Beyond Engagement: Measurement for a New Era of Work
The realities of work in 2023 have altered the types of insights and intelligence that organizations and HR professionals need about their employees, employee wellbeing, and the employee experience. With today’s work-from-home and hybrid work environments, coupled with ongoing diversity, equity and inclusion (DEI) initiatives, organizations and HR professionals require more nuanced information than ever before, and the ability to access these insights has significant downstream implications for the organization.
Engagement still matters, but there's more
Engagement has been used as a key workforce health indicator for decades. Research by HBR, Gallup and others show that “70% of respondents rank employee engagement as very important to achieving overall organizational success.” Research shows that companies with highly engaged employees deliver higher Earnings Per Share (EPS), lower Cost of Goods Sold, (CGS) stronger revenues, fewer safety incidents, less theft, lower turnover, and less absenteeism. The list of benefits goes on and on. But today, nuanced insights are also needed into the effectiveness of remote and hybrid work strategies, the wellbeing of employees, and the effectiveness of DEI initiatives.
One significant challenge though, is that it's difficult for employers to survey employees about wellbeing, stress, burnout, and a multitude of sensitive but critically important topics that have significant implications on absenteeism, and team and organizational performance. There is, however, a novel way to solve this problem.
New insights from existing unstructured data
It is possible to gain insights into workforce wellbeing and DEI experiences without asking employees -- and the open-end responses you’ve already collected from your existing engagement surveys are the surprising source of this information. Yes, the responses you’ve previously collected from questions you’ve already surveyed -- even if they weren't questions about wellbeing or DEI-related matters -- still contain an abundance of signals about workforce wellbeing and their DEI experiences. We'll explain how this works, but first a quick explaination of the unique natural language processing technique that will be used:
Stop words and why they matter
Traditional natural language processing techniques disregard almost 50% of the language contained in your surveys. It's part of the data cleansing process, and it's because traditional natural language processing techniques ignore “stop words.” Why?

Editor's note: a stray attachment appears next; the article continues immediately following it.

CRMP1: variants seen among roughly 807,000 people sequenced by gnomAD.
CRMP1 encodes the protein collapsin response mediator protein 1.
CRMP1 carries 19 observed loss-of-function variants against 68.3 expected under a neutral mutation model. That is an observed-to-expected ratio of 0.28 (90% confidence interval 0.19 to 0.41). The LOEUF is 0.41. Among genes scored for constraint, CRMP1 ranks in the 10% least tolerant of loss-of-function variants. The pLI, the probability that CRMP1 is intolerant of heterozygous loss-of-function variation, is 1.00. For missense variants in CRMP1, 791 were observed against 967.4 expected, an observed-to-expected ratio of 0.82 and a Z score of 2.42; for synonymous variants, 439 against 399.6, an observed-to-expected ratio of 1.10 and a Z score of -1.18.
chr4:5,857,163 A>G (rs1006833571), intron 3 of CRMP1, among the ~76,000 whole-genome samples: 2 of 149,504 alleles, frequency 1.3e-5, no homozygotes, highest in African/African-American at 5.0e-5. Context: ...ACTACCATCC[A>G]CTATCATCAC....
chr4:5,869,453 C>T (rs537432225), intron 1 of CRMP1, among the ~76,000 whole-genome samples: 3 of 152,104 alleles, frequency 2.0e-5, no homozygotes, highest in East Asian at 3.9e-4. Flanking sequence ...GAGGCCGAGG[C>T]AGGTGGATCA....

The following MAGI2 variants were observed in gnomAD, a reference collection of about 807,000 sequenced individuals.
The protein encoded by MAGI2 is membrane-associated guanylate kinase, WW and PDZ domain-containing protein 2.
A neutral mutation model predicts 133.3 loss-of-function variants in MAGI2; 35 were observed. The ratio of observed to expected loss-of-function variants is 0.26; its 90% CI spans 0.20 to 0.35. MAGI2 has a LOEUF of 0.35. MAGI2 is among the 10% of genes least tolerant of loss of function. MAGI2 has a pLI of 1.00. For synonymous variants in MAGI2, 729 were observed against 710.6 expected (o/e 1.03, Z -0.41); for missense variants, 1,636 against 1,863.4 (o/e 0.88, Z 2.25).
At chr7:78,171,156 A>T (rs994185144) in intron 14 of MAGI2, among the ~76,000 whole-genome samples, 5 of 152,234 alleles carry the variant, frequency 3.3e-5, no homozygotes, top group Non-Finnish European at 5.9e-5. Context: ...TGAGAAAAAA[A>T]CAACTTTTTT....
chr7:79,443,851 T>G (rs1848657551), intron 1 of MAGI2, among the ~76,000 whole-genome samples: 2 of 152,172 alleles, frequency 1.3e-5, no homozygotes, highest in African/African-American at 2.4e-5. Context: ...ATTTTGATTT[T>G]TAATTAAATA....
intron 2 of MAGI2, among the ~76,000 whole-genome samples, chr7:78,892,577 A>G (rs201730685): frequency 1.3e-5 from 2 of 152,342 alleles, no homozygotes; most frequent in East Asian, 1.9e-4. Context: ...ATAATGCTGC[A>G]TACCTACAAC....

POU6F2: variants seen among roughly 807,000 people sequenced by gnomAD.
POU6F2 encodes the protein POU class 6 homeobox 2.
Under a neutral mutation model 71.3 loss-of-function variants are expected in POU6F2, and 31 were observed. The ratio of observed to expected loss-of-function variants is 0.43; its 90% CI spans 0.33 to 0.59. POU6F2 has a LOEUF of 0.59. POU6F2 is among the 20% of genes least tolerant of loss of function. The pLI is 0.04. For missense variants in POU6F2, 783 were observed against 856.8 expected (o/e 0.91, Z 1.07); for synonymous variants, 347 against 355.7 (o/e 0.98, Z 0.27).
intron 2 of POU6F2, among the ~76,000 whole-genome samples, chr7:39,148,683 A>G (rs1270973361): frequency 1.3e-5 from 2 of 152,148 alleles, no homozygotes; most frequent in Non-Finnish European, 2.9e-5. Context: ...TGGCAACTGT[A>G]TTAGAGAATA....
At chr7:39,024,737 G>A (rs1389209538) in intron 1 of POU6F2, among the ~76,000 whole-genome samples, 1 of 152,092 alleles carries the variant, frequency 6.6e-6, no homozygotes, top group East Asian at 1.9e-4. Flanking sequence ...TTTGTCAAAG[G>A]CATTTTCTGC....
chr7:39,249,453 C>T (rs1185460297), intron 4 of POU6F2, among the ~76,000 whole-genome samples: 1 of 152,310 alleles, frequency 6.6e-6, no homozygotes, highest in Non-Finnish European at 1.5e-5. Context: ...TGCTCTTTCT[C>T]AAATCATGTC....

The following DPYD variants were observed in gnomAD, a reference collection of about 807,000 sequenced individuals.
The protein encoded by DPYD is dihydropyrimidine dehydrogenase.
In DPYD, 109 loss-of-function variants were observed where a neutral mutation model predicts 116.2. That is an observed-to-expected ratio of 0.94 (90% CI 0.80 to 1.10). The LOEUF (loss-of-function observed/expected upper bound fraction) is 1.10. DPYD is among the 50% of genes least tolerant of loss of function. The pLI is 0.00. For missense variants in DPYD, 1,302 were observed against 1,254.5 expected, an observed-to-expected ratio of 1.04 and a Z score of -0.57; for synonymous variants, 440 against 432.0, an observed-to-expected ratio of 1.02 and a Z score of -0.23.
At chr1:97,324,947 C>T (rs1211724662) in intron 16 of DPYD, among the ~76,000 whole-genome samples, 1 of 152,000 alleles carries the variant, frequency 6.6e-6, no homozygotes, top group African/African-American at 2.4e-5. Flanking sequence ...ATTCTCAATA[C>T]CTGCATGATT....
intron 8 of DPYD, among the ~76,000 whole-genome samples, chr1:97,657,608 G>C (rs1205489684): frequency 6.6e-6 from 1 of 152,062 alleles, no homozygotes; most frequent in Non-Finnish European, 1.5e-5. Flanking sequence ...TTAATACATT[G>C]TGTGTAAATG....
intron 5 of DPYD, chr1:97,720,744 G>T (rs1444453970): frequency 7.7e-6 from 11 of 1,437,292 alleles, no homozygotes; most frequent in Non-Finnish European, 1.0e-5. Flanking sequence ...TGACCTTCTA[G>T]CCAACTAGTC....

Stop words are prepositions and pronouns -they're ignored because they don’t have any purpose in topic modelling or sentiment analysis - because prepositions and pronouns provide no context. However, by analyzing language from a psychological perspective by looking patterns in stop word use, psychological signals emerge about the people who use them. For example, people who are stressed use stop words very differently than people who are not stressed.
Language-psychology-based text analytics methods focus on the psychological signals that emerge from the ways that people use stop words, and make it possible to understand levels of stress, plus a wide range of other important psychological signals from people’s language.
Insights into wellbeing and DEI initiatives without asking
By aggregating open-end responses by departments, teams, demographics, etc., and analyzing them using psychology-based text analytics, it is possible to uncover a wealth of new signals from the data you've already collected – including insights about the wellbeing of teams and departments, stress levels, indicators or burnout, insights into the success of diversity, equity and inclusion initiatives -- highly-actionable information that isn't available from traditional sentiment and topic-based text analysis of engagement survey open-ends.
This means that it's possible to extract specific insights into team, department, group or organizational wellbeing and DEI-related matters without asking questions about wellbeing or DEI, and without changing the questions you ask -- simply by analyzing the open-end language data you’ve already collected.
The good news is that it's surprisingly easy to do. Check out this simple how-to-guide that explains how to measure team wellbeing from the survey text data you've already collected. For data scientists, the guide also includes R code so you can generate new insights right away.